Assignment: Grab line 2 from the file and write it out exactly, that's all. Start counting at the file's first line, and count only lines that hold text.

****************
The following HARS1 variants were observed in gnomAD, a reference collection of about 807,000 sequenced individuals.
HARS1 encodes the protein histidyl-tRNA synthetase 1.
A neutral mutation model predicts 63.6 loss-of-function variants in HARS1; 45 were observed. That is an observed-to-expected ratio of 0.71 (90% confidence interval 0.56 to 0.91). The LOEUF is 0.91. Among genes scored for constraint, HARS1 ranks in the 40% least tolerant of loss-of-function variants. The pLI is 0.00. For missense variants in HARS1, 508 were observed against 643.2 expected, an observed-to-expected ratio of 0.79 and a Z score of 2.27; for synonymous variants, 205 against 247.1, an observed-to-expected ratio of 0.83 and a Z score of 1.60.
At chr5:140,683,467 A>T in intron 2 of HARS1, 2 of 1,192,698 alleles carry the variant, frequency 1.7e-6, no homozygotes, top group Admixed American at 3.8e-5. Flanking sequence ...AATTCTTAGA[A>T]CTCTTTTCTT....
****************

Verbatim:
HARS1 encodes the protein histidyl-tRNA synthetase 1.